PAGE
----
Frost Again

A few weeks ago I wrote about the whimsical ice art produced by FrostweedVerbesina virginica, typically revealed by the season’s first hard freeze; you can read about this winter’s ice art unveiling in my garden here.  I was coldly, but pleasantly surprised this past weekend to see more Frostweed ice sculptures after Central Texas–and my garden–plummeted to 20ºF (-6ºC).

Curled and swirled outwardly from the fractured and frayed epidermis of the stems, the ice is fragile, usually melting within a few hours as the Texas sun warms.

In the shady parts of my garden, the ribbons of frost remained a testament to the chilly weekend.

Even in sun-warmed spots, the ice art endured through Sunday, mid-day.

Some years, the Frostweed ice capades never materialize because temperatures don’t reach the freezing point. In other years when temperatures have fallen just to freezing, but no lower, and then later a deeper freeze occurs, the sap in the Frostweed acclimatizes so that the immediate and dramatic burst-freeze-ice curl doesn’t happen. In those years, it’s just plain old un-frosty Frostweed sticks amongst the downed, brown discarded leaves until it’s time to prune the sticks and rake the leaves.

This year, with temperatures swinging wildly from 80ºF to 20ºF and back again, the Frostweed proved its worth for the winter garden–at its base,

…and at its crown.

…and in a vase.

Frosty Frostweed

This past  week, winter entered the Central Texas picture with temperatures dipping to the mid 20s F/below 0 C, for several nights and mornings.  I realize that’s nothing to what the mid-west and elsewhere regularly endures, but it is a definitive so long to the blooming southwest garden!  and hello! to wilted and freeze-crisped plants.  I miss flowers in winter, but I welcome the cold(er) season exit of herbaceous perennials.  I like the bare-bones of a garden revealed, to better assess needed garden changes.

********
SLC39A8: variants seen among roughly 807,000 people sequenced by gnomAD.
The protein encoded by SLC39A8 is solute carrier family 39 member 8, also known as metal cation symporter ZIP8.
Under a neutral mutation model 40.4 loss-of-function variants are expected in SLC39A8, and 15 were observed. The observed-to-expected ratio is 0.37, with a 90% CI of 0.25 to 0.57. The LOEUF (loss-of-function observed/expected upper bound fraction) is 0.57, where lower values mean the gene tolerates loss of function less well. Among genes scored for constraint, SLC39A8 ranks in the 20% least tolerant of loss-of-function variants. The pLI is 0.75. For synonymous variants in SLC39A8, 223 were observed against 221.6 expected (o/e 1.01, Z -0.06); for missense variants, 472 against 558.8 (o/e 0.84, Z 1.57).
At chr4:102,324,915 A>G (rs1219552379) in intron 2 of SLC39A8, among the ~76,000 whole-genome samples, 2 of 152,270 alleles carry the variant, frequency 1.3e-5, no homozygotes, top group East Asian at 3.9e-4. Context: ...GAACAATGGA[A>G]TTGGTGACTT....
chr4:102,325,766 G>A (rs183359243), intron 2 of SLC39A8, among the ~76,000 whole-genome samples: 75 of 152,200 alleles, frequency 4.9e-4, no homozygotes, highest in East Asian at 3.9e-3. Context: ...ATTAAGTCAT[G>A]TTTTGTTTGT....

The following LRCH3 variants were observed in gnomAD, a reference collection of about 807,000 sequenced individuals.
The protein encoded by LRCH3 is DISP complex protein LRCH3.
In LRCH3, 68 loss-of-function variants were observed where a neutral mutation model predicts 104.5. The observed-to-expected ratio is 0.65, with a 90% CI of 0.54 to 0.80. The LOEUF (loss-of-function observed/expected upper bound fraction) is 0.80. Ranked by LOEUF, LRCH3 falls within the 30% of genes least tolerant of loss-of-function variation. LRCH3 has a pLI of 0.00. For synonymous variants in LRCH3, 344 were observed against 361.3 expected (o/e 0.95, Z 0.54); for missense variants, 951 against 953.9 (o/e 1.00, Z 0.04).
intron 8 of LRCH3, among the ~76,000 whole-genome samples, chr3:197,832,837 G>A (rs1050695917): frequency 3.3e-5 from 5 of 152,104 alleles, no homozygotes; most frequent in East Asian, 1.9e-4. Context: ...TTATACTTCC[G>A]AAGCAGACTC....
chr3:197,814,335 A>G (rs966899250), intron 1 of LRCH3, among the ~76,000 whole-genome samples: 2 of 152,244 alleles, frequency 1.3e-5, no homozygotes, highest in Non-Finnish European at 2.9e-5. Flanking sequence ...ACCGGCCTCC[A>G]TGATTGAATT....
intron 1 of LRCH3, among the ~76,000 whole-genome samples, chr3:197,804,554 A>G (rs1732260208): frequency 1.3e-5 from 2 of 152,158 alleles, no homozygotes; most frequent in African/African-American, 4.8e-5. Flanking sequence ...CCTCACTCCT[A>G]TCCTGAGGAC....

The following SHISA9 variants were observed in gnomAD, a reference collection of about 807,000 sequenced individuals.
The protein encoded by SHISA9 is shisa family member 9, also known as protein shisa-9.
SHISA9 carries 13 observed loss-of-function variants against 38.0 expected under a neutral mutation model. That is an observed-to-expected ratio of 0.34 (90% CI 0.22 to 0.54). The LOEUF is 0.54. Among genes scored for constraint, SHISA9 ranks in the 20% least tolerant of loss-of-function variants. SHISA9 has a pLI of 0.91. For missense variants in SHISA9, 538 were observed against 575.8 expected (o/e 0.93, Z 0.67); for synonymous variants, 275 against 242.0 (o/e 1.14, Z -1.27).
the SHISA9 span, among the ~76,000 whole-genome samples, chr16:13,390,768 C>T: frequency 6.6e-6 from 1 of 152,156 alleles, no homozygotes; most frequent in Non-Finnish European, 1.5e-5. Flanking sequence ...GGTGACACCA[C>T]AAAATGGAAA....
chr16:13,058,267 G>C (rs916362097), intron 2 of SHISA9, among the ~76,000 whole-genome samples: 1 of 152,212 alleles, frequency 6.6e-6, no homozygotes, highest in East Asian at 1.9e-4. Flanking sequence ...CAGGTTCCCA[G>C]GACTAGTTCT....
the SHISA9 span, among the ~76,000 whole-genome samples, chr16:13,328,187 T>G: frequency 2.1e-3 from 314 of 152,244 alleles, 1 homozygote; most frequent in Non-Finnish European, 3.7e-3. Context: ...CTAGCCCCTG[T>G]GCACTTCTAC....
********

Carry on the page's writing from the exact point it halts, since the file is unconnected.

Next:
Fun to see after a hard freeze are the ice sculptured stems of FrostweedVerbesina virginica. 

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Elegant ice ribbons form when water in the stems expands rapidly during the first hard freeze of the season, exuding sap which freezes quickly and into delicate, fantastical shapes along the length of the stems.

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Wavy and curvy, the ice sheets are delicate and fragile.

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This one rocks a fungal look reminiscent of an earlier, warmer time.

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The ice ribbons usually appear near the base of the plant, but can develop along any stem–the key is plenty of sap within those epidural walls. My Frostweeds weren’t yet dormant, allowing for plenty of moisture to freeze.

I’d trimmed this Frostweed ahead of a soon-to-begin fence project.

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…and ice ribbons hug the 5 or 6 inches of remaining stems, looking like a scroll which needs unrolling.

Frostweed isn’t the only plant which produces these types of frozen sculptures, but it is a reliable ice artist in my garden.

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The ice is fragile, the sculpture ephemeral. Once the temperature rises above freezing, the natural sculpture is finished for another year.

Frostweed is an excellent plant for pollinators and birds, which is the primary reason I grow it,

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…but the ice sculptures are well-worth the winter show for the gardener.

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Bloom Day, November 2014–Dodged the Frozen Bullet

After a chilly week and our first real touch of winter, there are still blooms in my gardens. Lucky gardener!  Lucky pollinators!  I live in central Austin and those supposedly in the know predicted our temperature would fall to the high 20’s by early Friday morning.  Well there was no freeze for me and mine.  Outlying areas received their first freeze, but much of  Austin was spared–this time. To celebrate those lucky blooms, I’m joining with Carol at May Dreams Gardens for November Garden Blogger blooms.